The EU’s confused evidence processes for identifying endocrine disruptors

DISCLAIMER: All opinions in this column reflect the views of the author(s), not of PLC.


A group of scientists has written to the European Commission to voice concerns about burden of proof and confused evidence requirements to identify and classify endocrine disruptors under the PPP and Biocides Regulations.

Paul Whaley is a consultant and researcher at Lancaster University, developing systematic review methods as an approach for making best use of the best evidence in chemicals policy. Whaley co-signed a letter with 13 other scientists investigating methods for making best use of the best evidence in developing chemicals policy.

I am among a growing number of researchers developing new, more robust and transparent methods for making best use of the best evidence in developing chemicals policy.

A group of us have been taking a keen interest in the European Commission’s proposals to identify and classify endocrine disrupting chemicals (EDCs), in particular how it delivers a credible process which can reliably identify EDCs, and is in line with what we would consider to be best scientific practice in aggregating, appraising and integrating existing research of health hazards and risks posed by chemical substances.

We think the Commission’s current proposals are inadequate (and have said so in an open letter, here): the processes for identifying endocrine disruptors are under-defined and incoherent, and entail a burden of proof which will leave EDCs virtually unregulated.

Starting with the positives, however, it is encouraging that the proposal acknowledges the role which systematic review (SR) methods could play in identifying EDCs.

SR methods distinguish themselves from traditional evidence review techniques by insisting on transparent, reproducible methods for finding and aggregating scientific research, and by employing a number of measures to safeguard against cherry-picking and selective interpretation of data. This ensures that results of an evidence review are as objective and comprehensive a statement of what the evidence says as is reasonably possible.

The hope for SR methods is that they will help resolve many of the seemingly intractable debates about which substances should be restricted and which not, and it is very encouraging that they receive explicit mention in the proposed regulatory text.

The problem is, the criteria, as they stand, come nowhere near achieving this ambition.

For example, while there is a welcome call to assess “all available relevant scientific evidence”, the criteria go on to privilege studies which are “performed according to internationally agreed study protocols” as the evidence on which regulatory identification as an EDC is to be “primarily” based.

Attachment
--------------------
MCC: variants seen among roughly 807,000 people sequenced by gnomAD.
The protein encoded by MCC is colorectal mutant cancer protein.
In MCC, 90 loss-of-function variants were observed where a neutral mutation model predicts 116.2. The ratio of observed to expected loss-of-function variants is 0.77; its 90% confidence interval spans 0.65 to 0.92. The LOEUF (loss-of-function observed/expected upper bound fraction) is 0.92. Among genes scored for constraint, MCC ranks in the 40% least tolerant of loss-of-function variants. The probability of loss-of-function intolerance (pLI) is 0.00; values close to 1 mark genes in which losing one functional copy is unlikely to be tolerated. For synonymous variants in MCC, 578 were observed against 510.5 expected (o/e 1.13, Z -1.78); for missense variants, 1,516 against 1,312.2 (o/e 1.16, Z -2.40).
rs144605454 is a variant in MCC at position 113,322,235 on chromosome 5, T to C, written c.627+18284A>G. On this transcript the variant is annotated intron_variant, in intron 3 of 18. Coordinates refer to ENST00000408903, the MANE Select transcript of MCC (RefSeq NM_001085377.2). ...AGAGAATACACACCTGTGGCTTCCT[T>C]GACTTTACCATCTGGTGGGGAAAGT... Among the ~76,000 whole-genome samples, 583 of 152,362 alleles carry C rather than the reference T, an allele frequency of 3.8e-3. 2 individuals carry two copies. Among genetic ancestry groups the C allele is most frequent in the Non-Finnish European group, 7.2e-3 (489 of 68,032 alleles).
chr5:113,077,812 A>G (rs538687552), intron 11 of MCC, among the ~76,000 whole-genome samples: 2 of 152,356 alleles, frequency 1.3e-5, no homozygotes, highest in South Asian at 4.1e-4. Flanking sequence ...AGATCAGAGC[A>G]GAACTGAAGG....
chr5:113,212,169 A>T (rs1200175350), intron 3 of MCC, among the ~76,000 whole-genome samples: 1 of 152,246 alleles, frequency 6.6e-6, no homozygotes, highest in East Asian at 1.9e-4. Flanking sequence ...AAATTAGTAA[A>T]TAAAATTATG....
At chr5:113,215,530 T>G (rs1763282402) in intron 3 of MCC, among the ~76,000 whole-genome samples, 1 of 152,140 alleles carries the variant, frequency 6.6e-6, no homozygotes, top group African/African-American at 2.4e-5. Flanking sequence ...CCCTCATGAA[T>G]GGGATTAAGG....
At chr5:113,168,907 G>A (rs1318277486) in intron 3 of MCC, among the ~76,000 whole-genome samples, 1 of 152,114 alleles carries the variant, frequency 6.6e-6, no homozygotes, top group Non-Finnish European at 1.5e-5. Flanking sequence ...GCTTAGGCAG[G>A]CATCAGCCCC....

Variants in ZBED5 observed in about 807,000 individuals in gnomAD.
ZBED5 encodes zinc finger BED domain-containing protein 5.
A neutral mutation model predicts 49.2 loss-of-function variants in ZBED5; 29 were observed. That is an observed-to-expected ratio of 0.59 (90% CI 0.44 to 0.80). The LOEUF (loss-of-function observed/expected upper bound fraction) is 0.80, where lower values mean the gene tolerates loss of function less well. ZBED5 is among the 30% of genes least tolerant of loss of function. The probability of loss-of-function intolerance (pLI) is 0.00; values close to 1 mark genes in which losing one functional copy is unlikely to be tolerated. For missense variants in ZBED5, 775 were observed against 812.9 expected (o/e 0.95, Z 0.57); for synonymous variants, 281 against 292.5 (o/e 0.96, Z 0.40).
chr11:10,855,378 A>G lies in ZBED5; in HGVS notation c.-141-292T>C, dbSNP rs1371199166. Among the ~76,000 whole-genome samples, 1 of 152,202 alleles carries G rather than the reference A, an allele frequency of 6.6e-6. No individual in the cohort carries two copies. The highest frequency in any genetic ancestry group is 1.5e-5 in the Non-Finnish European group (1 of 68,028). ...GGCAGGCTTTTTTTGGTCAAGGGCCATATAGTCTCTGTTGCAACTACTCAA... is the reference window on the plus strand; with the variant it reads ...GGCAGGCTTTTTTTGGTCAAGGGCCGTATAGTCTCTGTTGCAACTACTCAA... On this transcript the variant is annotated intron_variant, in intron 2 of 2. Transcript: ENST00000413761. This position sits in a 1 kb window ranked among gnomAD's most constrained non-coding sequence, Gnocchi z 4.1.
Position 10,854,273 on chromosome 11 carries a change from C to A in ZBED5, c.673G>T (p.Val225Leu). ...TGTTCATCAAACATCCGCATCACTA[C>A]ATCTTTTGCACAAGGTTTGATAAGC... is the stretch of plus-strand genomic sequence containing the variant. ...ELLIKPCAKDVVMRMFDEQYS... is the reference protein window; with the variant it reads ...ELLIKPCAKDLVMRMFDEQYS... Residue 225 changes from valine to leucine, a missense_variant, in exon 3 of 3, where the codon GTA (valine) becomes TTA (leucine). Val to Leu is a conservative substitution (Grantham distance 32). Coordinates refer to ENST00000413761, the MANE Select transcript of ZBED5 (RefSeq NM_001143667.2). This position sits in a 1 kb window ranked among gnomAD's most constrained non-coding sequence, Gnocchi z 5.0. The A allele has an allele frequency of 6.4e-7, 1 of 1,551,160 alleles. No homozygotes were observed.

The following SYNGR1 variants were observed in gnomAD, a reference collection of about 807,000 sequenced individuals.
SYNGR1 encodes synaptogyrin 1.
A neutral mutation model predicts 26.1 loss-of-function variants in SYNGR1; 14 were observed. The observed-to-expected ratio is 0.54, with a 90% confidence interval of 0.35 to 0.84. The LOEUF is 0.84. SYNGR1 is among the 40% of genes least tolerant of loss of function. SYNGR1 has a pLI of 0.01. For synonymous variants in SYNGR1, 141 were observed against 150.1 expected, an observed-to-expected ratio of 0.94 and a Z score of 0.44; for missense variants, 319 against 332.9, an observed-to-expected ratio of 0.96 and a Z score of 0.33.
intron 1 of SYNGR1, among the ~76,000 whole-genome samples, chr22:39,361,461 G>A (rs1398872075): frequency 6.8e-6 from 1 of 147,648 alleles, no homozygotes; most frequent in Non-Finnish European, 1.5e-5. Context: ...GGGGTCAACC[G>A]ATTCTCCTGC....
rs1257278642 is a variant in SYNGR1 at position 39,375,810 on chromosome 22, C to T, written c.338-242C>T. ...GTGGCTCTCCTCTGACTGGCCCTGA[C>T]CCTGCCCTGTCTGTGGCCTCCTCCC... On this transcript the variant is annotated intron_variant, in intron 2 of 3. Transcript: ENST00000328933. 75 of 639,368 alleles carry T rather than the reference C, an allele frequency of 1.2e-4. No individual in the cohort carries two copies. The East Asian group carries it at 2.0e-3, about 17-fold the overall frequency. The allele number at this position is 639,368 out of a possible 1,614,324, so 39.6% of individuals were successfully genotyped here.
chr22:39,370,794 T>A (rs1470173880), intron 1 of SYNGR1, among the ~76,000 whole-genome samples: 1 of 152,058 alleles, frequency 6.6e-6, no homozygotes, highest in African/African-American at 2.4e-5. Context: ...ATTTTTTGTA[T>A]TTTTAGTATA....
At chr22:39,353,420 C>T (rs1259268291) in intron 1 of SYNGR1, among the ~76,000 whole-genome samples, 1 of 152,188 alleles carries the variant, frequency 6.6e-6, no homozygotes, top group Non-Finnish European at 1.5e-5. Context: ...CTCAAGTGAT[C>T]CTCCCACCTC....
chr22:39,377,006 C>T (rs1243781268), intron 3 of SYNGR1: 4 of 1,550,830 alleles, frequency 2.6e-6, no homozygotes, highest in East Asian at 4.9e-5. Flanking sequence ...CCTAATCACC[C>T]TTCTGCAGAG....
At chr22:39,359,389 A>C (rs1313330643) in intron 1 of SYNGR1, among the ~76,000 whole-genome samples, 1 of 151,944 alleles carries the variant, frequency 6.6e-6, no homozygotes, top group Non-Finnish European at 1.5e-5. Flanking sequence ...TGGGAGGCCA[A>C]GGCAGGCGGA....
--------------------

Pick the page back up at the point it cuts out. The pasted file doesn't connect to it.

This is either unnecessary, because a systematic review will anyway privilege the best conducted studies, based on empirical evidence of which methods produce the best results, or it introduces bias by forcing reviewers to treat guideline studies as stronger than other studies when they may in fact be weaker.

We are also worried by just how under-defined and ambiguous the evidence review processes are. While there is a lot of text about how research is to be identified and aggregated, it doesn’t seem to amount to very much. Without a clear standard for when accumulating evidence triggers regulatory identification, how can we expect different regulatory stakeholders to consistently identify the same chemicals as EDCs?

We have particular concern about the requirement of “sufficient” evidence of harm in humans in order to classify an EDC as “known to cause an adverse effect”.

Normally, only animal evidence is required to trigger a regulatory response. This is because identifying the effects of chemical exposures in epidemiological studies of uncontrolled human populations is extremely difficult. Multiple exposures, subtle effects and differences in study populations all militate against proving that exposure to a particular chemical substance has a particular health effect.

These health effects can only really be demonstrated in controlled experimental set-ups, where the experimental subjects and their environment are identical in all ways except for their chemical exposure. Of course, we can’t do controlled trials with potential toxicants on people, so in toxicology we use animal studies as our primary evidence-base.

The problem is, by de facto requiring that a chemical substance cannot be identified as an EDC without robust human evidence, the Commission’s proposed criteria sideline nearly all of the evidence that would normally be used to identify a problem compound, in favour of a wait-and-see approach that refuses to take regulatory action against a compound until enough people have been demonstrably harmed that scientists can prove the chemical poses a problem for human health.

This is both unscientific and unethical, and the criteria simply have to be changed to allow that evidence of harm in animal studies can be sufficient to trigger regulatory identification as an EDC.

Further Reading